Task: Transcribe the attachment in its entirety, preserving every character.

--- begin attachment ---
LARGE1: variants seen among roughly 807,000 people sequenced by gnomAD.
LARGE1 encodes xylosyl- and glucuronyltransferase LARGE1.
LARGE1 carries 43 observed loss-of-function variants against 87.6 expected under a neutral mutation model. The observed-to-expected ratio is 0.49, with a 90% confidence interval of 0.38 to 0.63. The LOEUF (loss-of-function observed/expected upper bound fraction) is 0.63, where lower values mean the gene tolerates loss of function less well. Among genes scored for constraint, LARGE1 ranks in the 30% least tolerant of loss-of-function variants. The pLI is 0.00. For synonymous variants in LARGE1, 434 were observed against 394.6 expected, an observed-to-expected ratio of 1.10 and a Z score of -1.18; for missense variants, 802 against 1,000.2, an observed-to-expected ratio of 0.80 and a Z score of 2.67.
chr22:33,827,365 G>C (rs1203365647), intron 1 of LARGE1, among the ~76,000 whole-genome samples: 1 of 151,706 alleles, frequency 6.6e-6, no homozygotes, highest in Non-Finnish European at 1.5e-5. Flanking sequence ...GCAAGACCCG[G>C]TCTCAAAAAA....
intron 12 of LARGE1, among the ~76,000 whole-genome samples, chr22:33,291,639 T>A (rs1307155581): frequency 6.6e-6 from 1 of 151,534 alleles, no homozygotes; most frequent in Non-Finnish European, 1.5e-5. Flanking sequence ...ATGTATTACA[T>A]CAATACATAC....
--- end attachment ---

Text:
LARGE1: variants seen among roughly 807,000 people sequenced by gnomAD.
LARGE1 encodes xylosyl- and glucuronyltransferase LARGE1.
LARGE1 carries 43 observed loss-of-function variants against 87.6 expected under a neutral mutation model. The observed-to-expected ratio is 0.49, with a 90% confidence interval of 0.38 to 0.63. The LOEUF (loss-of-function observed/expected upper bound fraction) is 0.63, where lower values mean the gene tolerates loss of function less well. Among genes scored for constraint, LARGE1 ranks in the 30% least tolerant of loss-of-function variants. The pLI is 0.00. For synonymous variants in LARGE1, 434 were observed against 394.6 expected, an observed-to-expected ratio of 1.10 and a Z score of -1.18; for missense variants, 802 against 1,000.2, an observed-to-expected ratio of 0.80 and a Z score of 2.67.
chr22:33,827,365 G>C (rs1203365647), intron 1 of LARGE1, among the ~76,000 whole-genome samples: 1 of 151,706 alleles, frequency 6.6e-6, no homozygotes, highest in Non-Finnish European at 1.5e-5. Flanking sequence ...GCAAGACCCG[G>C]TCTCAAAAAA....
intron 12 of LARGE1, among the ~76,000 whole-genome samples, chr22:33,291,639 T>A (rs1307155581): frequency 6.6e-6 from 1 of 151,534 alleles, no homozygotes; most frequent in Non-Finnish European, 1.5e-5. Flanking sequence ...ATGTATTACA[T>A]CAATACATAC....